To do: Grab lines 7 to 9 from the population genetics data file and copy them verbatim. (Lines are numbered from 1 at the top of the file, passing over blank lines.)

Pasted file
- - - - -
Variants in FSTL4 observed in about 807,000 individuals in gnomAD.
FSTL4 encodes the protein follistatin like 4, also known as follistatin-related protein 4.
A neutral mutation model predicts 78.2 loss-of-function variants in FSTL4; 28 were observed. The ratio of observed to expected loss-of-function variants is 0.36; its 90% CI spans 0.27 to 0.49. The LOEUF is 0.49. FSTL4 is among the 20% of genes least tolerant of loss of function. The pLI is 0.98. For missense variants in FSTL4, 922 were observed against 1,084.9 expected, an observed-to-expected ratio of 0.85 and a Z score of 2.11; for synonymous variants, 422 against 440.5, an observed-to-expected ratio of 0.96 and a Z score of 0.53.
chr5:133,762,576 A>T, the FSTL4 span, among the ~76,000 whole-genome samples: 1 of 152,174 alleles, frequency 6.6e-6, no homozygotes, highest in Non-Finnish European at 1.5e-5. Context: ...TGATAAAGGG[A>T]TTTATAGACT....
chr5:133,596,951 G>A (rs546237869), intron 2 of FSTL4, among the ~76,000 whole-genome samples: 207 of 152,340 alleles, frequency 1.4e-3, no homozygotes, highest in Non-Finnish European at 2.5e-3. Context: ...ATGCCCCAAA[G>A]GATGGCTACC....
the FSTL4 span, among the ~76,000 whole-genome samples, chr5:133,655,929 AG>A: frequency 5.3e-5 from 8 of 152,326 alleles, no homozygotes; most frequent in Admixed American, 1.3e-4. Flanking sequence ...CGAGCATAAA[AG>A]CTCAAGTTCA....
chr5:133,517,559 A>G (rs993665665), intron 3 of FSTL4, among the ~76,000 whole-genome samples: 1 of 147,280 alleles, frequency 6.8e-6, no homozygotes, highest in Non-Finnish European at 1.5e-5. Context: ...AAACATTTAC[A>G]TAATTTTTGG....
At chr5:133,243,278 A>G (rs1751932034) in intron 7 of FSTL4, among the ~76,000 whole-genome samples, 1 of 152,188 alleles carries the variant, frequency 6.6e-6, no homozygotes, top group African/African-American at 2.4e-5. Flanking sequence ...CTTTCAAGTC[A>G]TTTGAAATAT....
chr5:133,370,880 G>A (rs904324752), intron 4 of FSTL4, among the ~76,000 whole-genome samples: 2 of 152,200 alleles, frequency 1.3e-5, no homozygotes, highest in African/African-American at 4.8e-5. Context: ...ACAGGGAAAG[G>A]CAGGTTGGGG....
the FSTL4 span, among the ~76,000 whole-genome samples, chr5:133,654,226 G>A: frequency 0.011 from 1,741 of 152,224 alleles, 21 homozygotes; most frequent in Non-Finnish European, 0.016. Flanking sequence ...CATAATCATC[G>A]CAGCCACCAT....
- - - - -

chr5:133,517,559 A>G (rs993665665), intron 3 of FSTL4, among the ~76,000 whole-genome samples: 1 of 147,280 alleles, frequency 6.8e-6, no homozygotes, highest in Non-Finnish European at 1.5e-5. Context: ...AAACATTTAC[A>G]TAATTTTTGG....
At chr5:133,243,278 A>G (rs1751932034) in intron 7 of FSTL4, among the ~76,000 whole-genome samples, 1 of 152,188 alleles carries the variant, frequency 6.6e-6, no homozygotes, top group African/African-American at 2.4e-5. Flanking sequence ...CTTTCAAGTC[A>G]TTTGAAATAT....
chr5:133,370,880 G>A (rs904324752), intron 4 of FSTL4, among the ~76,000 whole-genome samples: 2 of 152,200 alleles, frequency 1.3e-5, no homozygotes, highest in African/African-American at 4.8e-5. Context: ...ACAGGGAAAG[G>A]CAGGTTGGGG....